The eight essentials of innovation

By Marc de Jong, Nathan Marston, and Erik Roth, McKinsey Quarterly April 2015

Strategic and organizational factors are what separate successful big-company innovators from the rest of the field.

It’s no secret: innovation is difficult for well-established companies. By and large, they are better executors than innovators, and most succeed less through game-changing creativity than by optimizing their existing businesses.

In this engaging presentation, McKinsey principal Nathan Marston explains why innovation is increasingly important to driving corporate growth and brings to life the eight essentials of innovation performance.

Yet hard as it is for such organizations to innovate, large ones as diverse as Alcoa, the Discovery Group, and NASA’s Ames Research Center are actually doing so. What can other companies learn from their approaches and attributes? That question formed the core of a multiyear study comprising in-depth interviews, workshops, and surveys of more than 2,500 executives in over 300 companies, including both performance leaders and laggards, in a broad set of industries and countries (Exhibit 1). What we found were a set of eight essential attributes that are present, either in part or in full, at every big company that’s a high performer in product, process, or business-model innovation.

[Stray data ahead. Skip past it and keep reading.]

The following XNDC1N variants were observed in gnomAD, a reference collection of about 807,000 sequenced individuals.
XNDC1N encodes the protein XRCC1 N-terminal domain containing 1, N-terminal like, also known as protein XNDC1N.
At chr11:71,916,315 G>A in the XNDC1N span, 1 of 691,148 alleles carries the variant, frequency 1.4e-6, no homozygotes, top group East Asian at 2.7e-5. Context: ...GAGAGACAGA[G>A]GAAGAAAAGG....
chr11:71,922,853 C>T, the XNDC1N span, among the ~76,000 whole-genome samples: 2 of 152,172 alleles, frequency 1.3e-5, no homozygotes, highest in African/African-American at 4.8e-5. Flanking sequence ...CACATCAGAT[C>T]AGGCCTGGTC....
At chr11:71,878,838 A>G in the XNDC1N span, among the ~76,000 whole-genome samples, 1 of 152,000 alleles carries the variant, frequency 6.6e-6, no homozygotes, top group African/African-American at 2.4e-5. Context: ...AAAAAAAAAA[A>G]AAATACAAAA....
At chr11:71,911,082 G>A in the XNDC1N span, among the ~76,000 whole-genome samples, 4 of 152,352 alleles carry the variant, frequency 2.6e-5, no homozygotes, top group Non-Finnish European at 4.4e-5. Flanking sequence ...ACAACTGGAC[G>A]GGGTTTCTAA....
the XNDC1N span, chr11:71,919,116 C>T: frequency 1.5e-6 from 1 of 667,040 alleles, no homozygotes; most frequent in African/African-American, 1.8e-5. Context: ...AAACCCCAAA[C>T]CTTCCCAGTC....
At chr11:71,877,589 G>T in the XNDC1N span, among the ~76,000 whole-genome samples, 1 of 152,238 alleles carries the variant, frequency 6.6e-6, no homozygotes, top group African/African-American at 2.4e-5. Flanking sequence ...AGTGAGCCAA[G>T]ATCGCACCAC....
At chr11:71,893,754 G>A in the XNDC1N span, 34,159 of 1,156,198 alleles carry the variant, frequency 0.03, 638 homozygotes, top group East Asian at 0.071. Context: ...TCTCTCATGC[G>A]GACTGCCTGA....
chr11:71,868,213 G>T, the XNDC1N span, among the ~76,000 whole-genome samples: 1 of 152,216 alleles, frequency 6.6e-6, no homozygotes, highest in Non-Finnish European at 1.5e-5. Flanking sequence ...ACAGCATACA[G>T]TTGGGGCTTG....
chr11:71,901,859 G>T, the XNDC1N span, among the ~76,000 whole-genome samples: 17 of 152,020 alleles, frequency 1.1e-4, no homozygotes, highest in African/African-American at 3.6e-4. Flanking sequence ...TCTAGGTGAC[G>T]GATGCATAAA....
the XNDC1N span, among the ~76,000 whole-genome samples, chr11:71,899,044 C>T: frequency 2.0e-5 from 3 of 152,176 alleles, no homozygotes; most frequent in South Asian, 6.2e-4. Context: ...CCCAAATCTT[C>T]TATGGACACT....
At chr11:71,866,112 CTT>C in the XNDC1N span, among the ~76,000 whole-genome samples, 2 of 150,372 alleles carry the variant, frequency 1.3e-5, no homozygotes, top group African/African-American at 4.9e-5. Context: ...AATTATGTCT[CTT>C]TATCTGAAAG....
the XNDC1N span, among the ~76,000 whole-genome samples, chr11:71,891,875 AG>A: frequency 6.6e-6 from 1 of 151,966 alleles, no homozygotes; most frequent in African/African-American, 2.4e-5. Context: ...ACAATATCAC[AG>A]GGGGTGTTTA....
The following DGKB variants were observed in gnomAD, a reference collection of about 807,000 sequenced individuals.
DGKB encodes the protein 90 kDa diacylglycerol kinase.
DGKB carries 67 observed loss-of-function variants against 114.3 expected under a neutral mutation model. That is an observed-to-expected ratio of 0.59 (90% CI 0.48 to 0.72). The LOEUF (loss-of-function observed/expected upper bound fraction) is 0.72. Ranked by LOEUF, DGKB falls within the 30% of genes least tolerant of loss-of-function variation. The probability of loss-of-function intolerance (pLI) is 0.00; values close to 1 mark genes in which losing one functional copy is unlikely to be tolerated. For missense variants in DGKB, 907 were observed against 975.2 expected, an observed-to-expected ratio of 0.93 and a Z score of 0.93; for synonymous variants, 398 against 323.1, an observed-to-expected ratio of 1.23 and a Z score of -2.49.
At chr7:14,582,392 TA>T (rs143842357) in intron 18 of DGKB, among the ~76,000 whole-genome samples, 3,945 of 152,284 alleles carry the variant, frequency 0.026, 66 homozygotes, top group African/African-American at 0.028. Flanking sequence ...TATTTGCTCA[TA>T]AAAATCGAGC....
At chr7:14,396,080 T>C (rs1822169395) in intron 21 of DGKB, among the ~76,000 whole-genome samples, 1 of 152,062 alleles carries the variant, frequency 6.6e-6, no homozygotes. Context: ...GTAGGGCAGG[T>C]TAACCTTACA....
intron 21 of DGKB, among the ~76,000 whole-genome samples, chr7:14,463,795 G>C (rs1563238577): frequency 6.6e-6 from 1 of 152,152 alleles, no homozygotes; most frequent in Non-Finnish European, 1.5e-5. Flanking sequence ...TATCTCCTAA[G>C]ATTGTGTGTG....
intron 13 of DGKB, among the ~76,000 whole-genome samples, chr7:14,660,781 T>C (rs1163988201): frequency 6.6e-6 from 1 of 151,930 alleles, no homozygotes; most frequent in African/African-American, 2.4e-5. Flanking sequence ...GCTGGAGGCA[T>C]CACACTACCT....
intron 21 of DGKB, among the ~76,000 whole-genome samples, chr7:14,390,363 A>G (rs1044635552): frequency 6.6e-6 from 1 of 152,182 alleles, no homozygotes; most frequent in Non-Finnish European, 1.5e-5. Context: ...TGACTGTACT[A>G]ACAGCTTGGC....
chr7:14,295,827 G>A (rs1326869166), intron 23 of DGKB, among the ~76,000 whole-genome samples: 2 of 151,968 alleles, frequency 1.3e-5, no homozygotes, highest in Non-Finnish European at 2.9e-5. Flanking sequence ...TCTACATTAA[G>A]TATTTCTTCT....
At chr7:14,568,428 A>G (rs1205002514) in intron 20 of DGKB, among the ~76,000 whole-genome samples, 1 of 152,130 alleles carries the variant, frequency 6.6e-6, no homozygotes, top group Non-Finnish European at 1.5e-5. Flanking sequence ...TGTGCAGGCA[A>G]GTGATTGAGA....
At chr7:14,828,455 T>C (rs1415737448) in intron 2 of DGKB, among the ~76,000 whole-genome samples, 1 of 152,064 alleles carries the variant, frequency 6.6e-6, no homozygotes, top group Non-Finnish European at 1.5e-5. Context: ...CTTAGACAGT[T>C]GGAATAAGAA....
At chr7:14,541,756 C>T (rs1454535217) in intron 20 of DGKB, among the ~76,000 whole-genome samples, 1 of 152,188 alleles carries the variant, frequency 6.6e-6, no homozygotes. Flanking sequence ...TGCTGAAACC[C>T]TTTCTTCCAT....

Since innovation is a complex, company-wide endeavor, it requires a set of crosscutting practices and processes to structure, organize, and encourage it. Taken together, the essentials described in this article constitute just such an operating system, as seen in Exhibit 2. These often overlapping, iterative, and nonsequential practices resist systematic categorization but can nonetheless be thought of in two groups. The first four, which are strategic and creative in nature, help set and prioritize the terms and conditions under which innovation is more likely to thrive. The next four essentials deal with how to deliver and organize for innovation repeatedly over time and with enough value to contribute meaningfully to overall performance.

 

Advertisements

Leave a Reply

Please log in using one of these methods to post your comment:

WordPress.com Logo

You are commenting using your WordPress.com account. Log Out / Change )

Twitter picture

You are commenting using your Twitter account. Log Out / Change )

Facebook photo

You are commenting using your Facebook account. Log Out / Change )

Google+ photo

You are commenting using your Google+ account. Log Out / Change )

Connecting to %s

%d bloggers like this: